A shrub, or with pruning, a small tree.
Over 100 years.
Slow to rapid, depending on microclimate, with temperature extremes slowing growth.
8-15' high and 8-18' wide.
Five very small white to pink petals, with rounded tips, backed by reddish sepals.
The flowers, sticky-sugary sap-covered and fragrant, are clustered on spikes
at the end of their branches. The unopened buds are red or white.
The flowers receive a sweet sap coating by dawn, which attracts insects, when rainfall or
irrigation is sufficient. The sap then dries out during the day, leaving a sticky residue.
The flowers are either female or male, and occur on different plants, requiring cross
pollination. The plants may be sold as female or (fruitless) male.
Late winter and spring. Flowers first appear after the plant is 4-6 years old.
Small, reddish, hairy, and sticky-sugary sap-covered, the fruit are oval in shape, with thin
flesh surrounding a hard shell containing one seed. Like the flowers, the fruit occur in
clustered spikes, but on female plants only, and are edible.
Green, shiny, leathery, broadly oval with a pointed tip, smooth margins, sometimes folded
along the midrib.
New stems are reddish, gradually turning grey. The trunk is grey or brown and shaggy with
age. The outer bark can flake off in large pieces, leaving branches entirely uncovered,
apparently without harm to the plant.
An extensively branched tap root provides drought tolerance to established plants. The roots
likely extend to the edge of the canopy.
The flowers attract bees, butterflies, and the occasional hummingbird. The fruit attracts
birds and small mammals. Pieces of the bark can be removed by rodents.
Toxic / Danger:
The ripe fruit are edible. The leaves are considered unpalatable for mammals in most
locations. The sap is sweet and edible, sometimes with a lemony or lime taste. Warnings of a
skin rash from the sap are common; actual reports appear nonexistent.
California, Arizona, and Mexico.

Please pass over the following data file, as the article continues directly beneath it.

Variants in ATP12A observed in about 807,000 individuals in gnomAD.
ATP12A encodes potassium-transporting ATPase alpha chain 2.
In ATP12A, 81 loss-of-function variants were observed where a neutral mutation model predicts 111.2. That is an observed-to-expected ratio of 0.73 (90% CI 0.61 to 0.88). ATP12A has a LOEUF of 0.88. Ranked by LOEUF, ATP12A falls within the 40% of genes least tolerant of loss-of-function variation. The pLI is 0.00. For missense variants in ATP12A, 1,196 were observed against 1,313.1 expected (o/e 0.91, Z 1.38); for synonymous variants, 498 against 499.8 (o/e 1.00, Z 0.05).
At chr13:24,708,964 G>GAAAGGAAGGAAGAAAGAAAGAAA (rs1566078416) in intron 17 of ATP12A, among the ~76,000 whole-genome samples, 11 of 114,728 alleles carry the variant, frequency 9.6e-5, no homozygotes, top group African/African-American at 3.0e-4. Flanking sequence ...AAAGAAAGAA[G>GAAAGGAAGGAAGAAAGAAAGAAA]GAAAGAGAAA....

Cultivation and Uses
USDA hardiness zones:
7-11. The plants are hardy to 25°F in their first year, to 10°F after three years,
and to 0°F or lower after six years.
Yes, but avoid reflected heat.
Locate this plant where it will have well-draining soil, receive full sun, and be in an area
large enough for its mature size to reduce pruning. Having afternoon shade 4-6' high,
which the plant can outgrow, will help getting established. It should have good air
This plant is very tolerant of soil types that are well drained, with pH 6.1 to 7.8 (slightly
acidic to slightly alkaline).
Fertilizer is unnecessary because this plant grows well in poor soil. Avoid chemical
Water after becoming established:
every 4 weeks in summer and winter,
allowing for rain. Do not overwater in summer. Wet soils can result in fungal infections,
especially in warm temperatures.
Never. This plant is susceptible to root rot and other fungal infections in moist conditions
and the surrounding top soil must dry quickly.
First Year Care:
Protect from temperatures below 25°F. Do not fertilize.
Remove weeds by hand within 6' of the trunk. Prune lightly to remove dead leaves and branches
before bud break in winter. This shrub does not respond well to heavy pruning such as top
trimming or canopy thinning.
Seed soaked in water for 24 hours before planting in spring; root cuttings taken in winter.
Ornamental, hedge or screen, bird garden if male and female shrubs are present.
A lemonade-type drink can be made from the fruit which can also be eaten fresh.
This plant is a member of the Cashew and Sumac family (Anacardiaceae). Another common name
is Sugar Sumac. It is more fire resistant than most dry climate plants, especially when
watered, and can resprout from its crown after a fire. It hybridizes with Lemonade Sumac:
Rhus integrifolia, a coastal plant that thrives near the ocean in moderate temperatures.
Do you have additional information or a different experience for these plants that you would
like to share? Email info@GardenOracle.com. All contributions are welcome and appreciated.